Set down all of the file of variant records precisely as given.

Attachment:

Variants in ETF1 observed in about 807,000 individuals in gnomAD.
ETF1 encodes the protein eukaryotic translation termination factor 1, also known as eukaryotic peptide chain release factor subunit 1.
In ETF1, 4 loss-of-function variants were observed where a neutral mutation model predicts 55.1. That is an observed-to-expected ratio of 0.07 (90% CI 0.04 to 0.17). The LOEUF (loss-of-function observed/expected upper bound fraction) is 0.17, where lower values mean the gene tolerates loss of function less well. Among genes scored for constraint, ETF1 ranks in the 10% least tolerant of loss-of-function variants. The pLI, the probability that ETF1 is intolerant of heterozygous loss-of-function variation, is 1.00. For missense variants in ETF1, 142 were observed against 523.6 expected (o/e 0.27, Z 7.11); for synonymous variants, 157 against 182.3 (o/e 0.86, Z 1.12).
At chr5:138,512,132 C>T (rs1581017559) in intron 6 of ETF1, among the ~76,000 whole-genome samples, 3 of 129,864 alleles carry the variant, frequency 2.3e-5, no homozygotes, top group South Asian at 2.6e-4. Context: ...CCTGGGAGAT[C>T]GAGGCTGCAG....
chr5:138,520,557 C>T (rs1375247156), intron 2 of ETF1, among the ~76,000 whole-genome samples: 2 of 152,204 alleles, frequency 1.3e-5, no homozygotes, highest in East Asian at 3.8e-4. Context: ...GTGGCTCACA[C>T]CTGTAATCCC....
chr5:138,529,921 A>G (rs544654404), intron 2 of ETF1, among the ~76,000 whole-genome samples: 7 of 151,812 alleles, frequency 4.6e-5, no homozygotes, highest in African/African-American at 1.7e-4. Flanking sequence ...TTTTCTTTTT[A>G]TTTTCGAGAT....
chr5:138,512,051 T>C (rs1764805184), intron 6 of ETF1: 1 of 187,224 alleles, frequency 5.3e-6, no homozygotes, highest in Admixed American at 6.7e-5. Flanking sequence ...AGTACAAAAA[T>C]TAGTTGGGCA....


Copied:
Variants in ETF1 observed in about 807,000 individuals in gnomAD.
ETF1 encodes the protein eukaryotic translation termination factor 1, also known as eukaryotic peptide chain release factor subunit 1.
In ETF1, 4 loss-of-function variants were observed where a neutral mutation model predicts 55.1. That is an observed-to-expected ratio of 0.07 (90% CI 0.04 to 0.17). The LOEUF (loss-of-function observed/expected upper bound fraction) is 0.17, where lower values mean the gene tolerates loss of function less well. Among genes scored for constraint, ETF1 ranks in the 10% least tolerant of loss-of-function variants. The pLI, the probability that ETF1 is intolerant of heterozygous loss-of-function variation, is 1.00. For missense variants in ETF1, 142 were observed against 523.6 expected (o/e 0.27, Z 7.11); for synonymous variants, 157 against 182.3 (o/e 0.86, Z 1.12).
At chr5:138,512,132 C>T (rs1581017559) in intron 6 of ETF1, among the ~76,000 whole-genome samples, 3 of 129,864 alleles carry the variant, frequency 2.3e-5, no homozygotes, top group South Asian at 2.6e-4. Context: ...CCTGGGAGAT[C>T]GAGGCTGCAG....
chr5:138,520,557 C>T (rs1375247156), intron 2 of ETF1, among the ~76,000 whole-genome samples: 2 of 152,204 alleles, frequency 1.3e-5, no homozygotes, highest in East Asian at 3.8e-4. Context: ...GTGGCTCACA[C>T]CTGTAATCCC....
chr5:138,529,921 A>G (rs544654404), intron 2 of ETF1, among the ~76,000 whole-genome samples: 7 of 151,812 alleles, frequency 4.6e-5, no homozygotes, highest in African/African-American at 1.7e-4. Flanking sequence ...TTTTCTTTTT[A>G]TTTTCGAGAT....
chr5:138,512,051 T>C (rs1764805184), intron 6 of ETF1: 1 of 187,224 alleles, frequency 5.3e-6, no homozygotes, highest in Admixed American at 6.7e-5. Flanking sequence ...AGTACAAAAA[T>C]TAGTTGGGCA....